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Financial Services Law Insights and Observations

OFAC sanctions key Hizballah money exchanger

Financial Crimes Of Interest to Non-US Persons OFAC Department of Treasury OFAC Designations OFAC Sanctions Hizballah SDN List Lebanon

Financial Crimes

On January 24, the U.S. Treasury Department’s Office of Foreign Assets Control (OFAC) announced sanctions pursuant to Executive Order 13224 against several individuals and associated entities, including a Lebanese money exchanger and a money service business, for facilitating financial activities for Hizballah. Commenting that Treasury “is taking action against a corrupt money exchanger, whose financial engineering actively supports and enables Hizballah and its interests at the expense of the Lebanese people and economy,” Under Secretary of the Treasury for Terrorism and Financial Intelligence Brian E. Nelson issued a warning that the U.S. is committed to holding persons accountable should they “exploit their privileged positions for personal gain.” The sanctions follow designations imposed last month against several individuals and companies that manage and enable Hizballah’s financial operations throughout Lebanon, including Hizballah’s “quasi-financial institution” and its central finance unit. (Covered by InfoBytes here.)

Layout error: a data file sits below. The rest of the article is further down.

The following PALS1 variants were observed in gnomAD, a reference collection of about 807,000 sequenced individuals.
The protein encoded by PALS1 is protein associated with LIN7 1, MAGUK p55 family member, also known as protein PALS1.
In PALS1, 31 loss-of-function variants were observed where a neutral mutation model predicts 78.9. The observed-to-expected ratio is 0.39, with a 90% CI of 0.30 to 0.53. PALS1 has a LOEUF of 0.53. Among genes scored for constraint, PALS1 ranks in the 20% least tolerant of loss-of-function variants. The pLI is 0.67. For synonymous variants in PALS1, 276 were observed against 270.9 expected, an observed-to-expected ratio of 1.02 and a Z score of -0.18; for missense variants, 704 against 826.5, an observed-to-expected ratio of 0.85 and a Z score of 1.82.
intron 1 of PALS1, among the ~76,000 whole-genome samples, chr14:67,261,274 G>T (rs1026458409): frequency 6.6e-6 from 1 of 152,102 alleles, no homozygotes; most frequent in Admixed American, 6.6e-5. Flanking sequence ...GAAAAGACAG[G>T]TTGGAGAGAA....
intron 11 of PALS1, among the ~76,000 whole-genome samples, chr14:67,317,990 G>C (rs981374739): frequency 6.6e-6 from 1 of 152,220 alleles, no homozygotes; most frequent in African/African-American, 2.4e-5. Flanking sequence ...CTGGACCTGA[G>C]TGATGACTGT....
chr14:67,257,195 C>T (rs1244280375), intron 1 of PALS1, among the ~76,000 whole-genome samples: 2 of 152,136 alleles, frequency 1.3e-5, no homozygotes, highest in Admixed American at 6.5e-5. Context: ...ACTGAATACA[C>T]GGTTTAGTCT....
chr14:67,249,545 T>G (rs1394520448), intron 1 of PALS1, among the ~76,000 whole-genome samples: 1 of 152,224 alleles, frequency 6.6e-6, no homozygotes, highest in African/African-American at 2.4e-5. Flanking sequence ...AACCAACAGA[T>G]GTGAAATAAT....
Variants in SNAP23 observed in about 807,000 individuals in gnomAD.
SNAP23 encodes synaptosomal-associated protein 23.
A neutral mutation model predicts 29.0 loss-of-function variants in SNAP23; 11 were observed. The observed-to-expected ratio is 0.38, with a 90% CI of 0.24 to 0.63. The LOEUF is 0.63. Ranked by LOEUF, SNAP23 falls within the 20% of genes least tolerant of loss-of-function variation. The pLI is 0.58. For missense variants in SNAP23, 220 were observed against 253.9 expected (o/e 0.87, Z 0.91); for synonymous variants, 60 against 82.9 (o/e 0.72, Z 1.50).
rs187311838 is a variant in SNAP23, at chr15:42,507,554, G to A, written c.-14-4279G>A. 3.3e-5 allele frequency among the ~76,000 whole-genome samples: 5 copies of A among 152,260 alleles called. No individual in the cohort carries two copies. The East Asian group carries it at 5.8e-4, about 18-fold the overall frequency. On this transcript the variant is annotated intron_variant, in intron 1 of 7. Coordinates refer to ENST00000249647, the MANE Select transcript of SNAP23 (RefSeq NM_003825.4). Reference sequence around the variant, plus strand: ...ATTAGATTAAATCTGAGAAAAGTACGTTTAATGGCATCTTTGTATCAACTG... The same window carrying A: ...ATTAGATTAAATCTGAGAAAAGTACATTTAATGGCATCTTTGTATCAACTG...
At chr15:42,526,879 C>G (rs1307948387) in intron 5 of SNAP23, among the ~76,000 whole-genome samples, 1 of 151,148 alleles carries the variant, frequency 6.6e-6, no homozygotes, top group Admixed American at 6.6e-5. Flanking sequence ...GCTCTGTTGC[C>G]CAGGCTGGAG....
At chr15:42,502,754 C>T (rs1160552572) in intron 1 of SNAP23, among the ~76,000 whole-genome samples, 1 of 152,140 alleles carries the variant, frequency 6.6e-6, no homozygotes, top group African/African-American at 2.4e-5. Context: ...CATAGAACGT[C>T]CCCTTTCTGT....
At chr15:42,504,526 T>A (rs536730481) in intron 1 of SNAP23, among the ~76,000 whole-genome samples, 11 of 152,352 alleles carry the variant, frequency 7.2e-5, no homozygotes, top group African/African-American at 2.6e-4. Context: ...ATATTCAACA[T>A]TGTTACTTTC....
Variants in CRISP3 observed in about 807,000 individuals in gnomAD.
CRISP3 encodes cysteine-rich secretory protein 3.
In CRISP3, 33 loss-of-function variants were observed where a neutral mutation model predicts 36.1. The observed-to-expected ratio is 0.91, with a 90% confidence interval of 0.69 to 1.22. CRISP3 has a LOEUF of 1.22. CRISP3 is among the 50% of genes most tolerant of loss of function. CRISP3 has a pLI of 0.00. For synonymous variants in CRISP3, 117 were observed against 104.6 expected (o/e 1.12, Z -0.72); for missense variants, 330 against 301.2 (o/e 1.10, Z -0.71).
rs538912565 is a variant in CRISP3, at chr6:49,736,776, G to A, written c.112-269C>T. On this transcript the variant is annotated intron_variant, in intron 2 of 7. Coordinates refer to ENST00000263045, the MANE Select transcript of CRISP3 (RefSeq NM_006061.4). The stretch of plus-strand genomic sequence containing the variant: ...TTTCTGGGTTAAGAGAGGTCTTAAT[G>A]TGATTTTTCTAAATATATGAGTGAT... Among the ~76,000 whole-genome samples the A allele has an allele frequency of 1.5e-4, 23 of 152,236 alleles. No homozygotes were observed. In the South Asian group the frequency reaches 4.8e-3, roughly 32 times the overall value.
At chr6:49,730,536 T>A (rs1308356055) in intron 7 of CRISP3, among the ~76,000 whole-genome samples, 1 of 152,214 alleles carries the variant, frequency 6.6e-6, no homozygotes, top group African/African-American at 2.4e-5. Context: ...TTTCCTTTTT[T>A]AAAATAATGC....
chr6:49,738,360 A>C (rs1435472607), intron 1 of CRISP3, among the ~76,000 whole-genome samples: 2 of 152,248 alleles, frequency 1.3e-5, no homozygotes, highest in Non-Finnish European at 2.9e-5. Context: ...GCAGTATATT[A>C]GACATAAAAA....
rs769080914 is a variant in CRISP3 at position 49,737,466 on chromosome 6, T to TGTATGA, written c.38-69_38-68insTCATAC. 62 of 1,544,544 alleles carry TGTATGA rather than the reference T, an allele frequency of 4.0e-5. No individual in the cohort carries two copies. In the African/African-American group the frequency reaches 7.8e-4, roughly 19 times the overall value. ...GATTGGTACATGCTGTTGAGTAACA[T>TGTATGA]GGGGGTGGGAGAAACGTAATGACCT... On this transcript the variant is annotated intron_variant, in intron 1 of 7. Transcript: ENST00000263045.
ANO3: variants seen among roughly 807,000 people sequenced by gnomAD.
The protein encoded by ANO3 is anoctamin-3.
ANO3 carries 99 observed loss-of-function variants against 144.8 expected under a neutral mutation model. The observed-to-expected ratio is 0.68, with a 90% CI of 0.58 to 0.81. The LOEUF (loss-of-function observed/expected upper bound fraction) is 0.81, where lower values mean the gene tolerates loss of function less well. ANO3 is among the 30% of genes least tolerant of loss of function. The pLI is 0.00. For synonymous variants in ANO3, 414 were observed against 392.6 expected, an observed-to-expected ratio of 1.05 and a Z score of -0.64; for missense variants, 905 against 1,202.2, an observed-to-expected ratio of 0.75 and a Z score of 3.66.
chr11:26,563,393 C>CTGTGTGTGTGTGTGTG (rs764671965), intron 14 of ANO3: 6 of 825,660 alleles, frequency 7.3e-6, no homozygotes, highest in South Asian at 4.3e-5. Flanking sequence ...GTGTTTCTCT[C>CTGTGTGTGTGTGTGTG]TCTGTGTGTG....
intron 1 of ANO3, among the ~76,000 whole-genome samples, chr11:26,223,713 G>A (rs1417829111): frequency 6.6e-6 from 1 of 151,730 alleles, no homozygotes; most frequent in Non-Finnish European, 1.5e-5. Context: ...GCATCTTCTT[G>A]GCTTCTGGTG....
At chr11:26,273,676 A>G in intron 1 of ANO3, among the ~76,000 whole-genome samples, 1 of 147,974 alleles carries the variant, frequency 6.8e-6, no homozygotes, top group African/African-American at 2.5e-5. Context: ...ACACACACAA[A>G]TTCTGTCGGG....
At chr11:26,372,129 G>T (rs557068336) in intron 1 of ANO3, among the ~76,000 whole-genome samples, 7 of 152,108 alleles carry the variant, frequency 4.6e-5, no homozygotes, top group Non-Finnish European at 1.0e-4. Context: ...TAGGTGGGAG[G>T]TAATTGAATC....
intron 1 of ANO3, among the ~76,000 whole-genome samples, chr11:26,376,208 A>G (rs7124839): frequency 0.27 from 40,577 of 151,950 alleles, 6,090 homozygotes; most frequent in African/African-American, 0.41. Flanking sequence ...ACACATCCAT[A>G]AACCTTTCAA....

As a result of the sanctions, all property, and interests in property of the designated persons, “and of any entities that are owned, directly or indirectly 50 percent or more by them, individually, or with other blocked persons, that are in the United States or in the possession or control of U.S. persons, must be blocked and reported to OFAC.” OFAC regulations generally prohibit all transactions by U.S. persons or within the United States (including transactions transiting the United States) that involve any property or interests in property of designated persons unless authorized by an OFAC general or specific license. OFAC further cautioned that “engaging in certain transactions with the individuals and entities designated today entails risk of secondary sanctions,” and noted that the designated persons are also subject to the Hizballah Financial Sanctions Regulations. Pursuant to these regulations, “OFAC can prohibit or impose strict conditions on the opening or maintaining in the United States of a correspondent account or a payable-through account by a foreign financial institution that either knowingly conducted or facilitated any significant transaction on behalf of an SDGT or, among other things, knowingly facilitates a significant transaction for Hizballah or certain persons designated for their connection to Hizballah.”

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